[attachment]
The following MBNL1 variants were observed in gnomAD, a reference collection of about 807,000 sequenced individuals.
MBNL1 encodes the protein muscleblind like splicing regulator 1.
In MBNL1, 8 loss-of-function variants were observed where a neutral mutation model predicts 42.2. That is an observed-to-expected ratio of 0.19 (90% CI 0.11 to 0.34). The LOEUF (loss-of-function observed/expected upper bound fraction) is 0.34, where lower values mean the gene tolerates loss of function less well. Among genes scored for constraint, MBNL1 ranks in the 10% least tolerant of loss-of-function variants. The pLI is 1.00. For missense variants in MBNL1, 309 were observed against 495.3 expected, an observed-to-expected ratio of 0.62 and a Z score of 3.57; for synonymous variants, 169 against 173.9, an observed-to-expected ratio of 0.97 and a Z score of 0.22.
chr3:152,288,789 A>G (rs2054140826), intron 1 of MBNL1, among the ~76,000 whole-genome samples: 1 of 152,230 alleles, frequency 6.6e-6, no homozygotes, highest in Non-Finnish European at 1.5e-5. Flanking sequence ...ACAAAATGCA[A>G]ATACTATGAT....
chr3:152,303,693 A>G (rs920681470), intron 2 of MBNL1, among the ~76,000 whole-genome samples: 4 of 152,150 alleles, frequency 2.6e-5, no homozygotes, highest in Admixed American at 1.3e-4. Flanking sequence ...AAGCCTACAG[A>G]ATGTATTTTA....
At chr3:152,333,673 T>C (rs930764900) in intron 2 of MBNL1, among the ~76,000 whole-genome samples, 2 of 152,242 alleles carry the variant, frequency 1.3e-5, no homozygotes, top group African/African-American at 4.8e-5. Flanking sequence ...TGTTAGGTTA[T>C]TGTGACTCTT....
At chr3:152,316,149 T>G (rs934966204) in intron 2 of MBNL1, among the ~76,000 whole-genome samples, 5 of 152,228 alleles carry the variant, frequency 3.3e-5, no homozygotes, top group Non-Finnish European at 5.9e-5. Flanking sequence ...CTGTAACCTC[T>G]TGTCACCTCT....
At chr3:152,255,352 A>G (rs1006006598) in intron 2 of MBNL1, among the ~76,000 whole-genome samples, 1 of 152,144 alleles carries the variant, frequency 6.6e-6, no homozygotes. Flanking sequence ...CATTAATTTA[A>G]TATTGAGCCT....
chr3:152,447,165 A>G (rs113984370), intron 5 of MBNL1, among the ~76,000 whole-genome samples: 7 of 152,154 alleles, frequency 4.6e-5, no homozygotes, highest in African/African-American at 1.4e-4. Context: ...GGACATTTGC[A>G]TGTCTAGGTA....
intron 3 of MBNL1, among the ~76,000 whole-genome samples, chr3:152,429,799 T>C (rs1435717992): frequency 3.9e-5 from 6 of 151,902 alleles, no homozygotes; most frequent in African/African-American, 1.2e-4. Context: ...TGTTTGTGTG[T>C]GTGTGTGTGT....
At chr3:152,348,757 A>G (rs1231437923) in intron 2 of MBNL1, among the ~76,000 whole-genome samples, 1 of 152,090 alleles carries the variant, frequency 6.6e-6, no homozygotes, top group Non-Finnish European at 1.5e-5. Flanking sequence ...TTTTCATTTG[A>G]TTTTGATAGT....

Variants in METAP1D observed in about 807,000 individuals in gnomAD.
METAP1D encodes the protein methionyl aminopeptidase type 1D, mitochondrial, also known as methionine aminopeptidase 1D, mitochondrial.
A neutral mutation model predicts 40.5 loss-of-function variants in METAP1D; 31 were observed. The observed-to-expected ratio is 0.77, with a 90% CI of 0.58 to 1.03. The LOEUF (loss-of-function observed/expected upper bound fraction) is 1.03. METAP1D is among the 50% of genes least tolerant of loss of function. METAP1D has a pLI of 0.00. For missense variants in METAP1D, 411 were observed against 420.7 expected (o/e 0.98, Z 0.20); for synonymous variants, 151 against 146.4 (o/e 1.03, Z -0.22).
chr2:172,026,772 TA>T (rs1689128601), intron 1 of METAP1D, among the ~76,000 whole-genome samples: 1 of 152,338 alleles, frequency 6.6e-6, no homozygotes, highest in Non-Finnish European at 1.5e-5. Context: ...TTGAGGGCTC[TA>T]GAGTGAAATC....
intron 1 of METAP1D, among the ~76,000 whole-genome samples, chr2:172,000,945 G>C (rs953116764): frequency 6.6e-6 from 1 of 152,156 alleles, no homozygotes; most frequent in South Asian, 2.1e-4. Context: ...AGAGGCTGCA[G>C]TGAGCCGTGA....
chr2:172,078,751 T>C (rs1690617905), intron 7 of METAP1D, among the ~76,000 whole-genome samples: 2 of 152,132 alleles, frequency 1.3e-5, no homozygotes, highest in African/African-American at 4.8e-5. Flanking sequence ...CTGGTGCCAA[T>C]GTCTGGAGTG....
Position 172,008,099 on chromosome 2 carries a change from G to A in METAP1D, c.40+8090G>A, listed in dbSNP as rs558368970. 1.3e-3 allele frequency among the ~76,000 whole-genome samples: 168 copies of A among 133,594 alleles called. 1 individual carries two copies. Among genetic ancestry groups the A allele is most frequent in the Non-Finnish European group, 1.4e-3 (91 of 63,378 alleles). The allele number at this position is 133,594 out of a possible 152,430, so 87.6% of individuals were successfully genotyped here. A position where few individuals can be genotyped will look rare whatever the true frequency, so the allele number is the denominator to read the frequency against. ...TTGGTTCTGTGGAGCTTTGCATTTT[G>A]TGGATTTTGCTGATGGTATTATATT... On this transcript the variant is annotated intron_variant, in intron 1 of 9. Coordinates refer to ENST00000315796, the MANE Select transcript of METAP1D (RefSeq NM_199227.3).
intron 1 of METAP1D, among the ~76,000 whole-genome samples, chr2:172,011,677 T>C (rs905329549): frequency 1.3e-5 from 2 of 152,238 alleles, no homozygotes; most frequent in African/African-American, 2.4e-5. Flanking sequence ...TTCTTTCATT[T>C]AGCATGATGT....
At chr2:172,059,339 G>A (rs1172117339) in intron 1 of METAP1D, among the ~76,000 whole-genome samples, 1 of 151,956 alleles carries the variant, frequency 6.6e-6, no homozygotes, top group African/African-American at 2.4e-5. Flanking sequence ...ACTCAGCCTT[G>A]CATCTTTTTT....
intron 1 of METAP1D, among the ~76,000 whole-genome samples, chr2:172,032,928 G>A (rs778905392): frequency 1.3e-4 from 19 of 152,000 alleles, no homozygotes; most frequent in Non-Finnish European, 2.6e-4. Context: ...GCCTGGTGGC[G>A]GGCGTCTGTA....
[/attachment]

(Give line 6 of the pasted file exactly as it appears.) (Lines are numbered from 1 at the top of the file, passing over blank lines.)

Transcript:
At chr3:152,333,673 T>C (rs930764900) in intron 2 of MBNL1, among the ~76,000 whole-genome samples, 2 of 152,242 alleles carry the variant, frequency 1.3e-5, no homozygotes, top group African/African-American at 4.8e-5. Flanking sequence ...TGTTAGGTTA[T>C]TGTGACTCTT....